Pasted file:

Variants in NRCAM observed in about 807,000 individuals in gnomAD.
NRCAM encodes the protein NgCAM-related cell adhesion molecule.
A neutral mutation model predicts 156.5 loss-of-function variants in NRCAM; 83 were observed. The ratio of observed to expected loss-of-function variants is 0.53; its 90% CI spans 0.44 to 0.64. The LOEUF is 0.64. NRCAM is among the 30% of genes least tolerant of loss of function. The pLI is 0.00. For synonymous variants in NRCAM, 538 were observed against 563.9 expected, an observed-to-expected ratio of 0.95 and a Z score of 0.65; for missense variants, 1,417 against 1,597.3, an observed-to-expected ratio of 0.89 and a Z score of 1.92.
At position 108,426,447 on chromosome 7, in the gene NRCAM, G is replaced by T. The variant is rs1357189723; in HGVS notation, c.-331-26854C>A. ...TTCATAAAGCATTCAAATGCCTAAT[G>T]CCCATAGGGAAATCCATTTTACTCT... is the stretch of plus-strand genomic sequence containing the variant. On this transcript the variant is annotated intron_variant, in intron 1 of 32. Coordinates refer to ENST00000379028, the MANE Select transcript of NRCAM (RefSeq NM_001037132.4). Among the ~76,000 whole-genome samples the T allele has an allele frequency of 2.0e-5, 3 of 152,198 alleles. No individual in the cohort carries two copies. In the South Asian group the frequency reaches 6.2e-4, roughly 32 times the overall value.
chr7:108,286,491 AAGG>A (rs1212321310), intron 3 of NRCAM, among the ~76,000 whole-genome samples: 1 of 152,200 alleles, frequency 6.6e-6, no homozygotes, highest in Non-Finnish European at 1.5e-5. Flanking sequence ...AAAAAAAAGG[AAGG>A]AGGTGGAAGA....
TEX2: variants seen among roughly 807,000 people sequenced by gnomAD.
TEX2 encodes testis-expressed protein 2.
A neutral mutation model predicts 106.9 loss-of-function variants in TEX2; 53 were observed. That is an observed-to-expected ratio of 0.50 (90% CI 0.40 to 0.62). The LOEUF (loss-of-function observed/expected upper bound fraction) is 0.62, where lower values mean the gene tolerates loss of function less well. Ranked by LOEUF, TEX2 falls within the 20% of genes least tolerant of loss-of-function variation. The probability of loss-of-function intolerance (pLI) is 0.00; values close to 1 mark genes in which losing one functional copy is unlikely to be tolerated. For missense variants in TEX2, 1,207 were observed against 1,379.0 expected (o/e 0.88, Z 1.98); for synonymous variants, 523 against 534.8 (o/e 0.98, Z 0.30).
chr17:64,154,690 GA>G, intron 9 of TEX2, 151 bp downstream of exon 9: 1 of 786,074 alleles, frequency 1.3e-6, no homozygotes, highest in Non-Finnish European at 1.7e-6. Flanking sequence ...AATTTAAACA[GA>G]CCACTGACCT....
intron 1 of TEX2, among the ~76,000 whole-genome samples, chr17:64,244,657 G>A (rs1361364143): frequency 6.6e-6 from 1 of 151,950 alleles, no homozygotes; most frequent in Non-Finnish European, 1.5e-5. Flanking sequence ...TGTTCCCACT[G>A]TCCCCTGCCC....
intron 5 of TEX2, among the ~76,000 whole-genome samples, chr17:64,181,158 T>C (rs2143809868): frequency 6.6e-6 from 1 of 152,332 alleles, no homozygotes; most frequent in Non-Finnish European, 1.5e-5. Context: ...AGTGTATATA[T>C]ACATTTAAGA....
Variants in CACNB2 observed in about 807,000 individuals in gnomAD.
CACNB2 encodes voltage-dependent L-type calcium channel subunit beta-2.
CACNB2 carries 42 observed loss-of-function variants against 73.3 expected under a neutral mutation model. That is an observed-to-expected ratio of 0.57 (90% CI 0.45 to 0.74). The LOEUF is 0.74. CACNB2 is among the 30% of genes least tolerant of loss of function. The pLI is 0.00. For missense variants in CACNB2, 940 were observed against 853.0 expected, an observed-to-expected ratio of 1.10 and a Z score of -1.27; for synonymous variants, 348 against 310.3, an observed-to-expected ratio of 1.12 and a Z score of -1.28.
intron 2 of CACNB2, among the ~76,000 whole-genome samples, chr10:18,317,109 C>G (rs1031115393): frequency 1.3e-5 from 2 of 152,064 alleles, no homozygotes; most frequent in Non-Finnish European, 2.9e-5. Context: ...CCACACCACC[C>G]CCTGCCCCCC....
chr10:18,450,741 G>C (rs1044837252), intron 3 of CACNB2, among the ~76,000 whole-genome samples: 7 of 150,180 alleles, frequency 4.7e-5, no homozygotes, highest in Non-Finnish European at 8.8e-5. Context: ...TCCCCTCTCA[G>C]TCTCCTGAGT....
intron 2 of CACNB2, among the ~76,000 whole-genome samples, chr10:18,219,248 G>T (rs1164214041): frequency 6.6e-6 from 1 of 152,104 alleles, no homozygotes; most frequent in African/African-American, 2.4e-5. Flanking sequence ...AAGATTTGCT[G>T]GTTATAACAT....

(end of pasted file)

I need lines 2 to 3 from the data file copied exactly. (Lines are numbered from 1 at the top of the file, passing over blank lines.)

NRCAM encodes the protein NgCAM-related cell adhesion molecule.
A neutral mutation model predicts 156.5 loss-of-function variants in NRCAM; 83 were observed. The ratio of observed to expected loss-of-function variants is 0.53; its 90% CI spans 0.44 to 0.64. The LOEUF is 0.64. NRCAM is among the 30% of genes least tolerant of loss of function. The pLI is 0.00. For synonymous variants in NRCAM, 538 were observed against 563.9 expected, an observed-to-expected ratio of 0.95 and a Z score of 0.65; for missense variants, 1,417 against 1,597.3, an observed-to-expected ratio of 0.89 and a Z score of 1.92.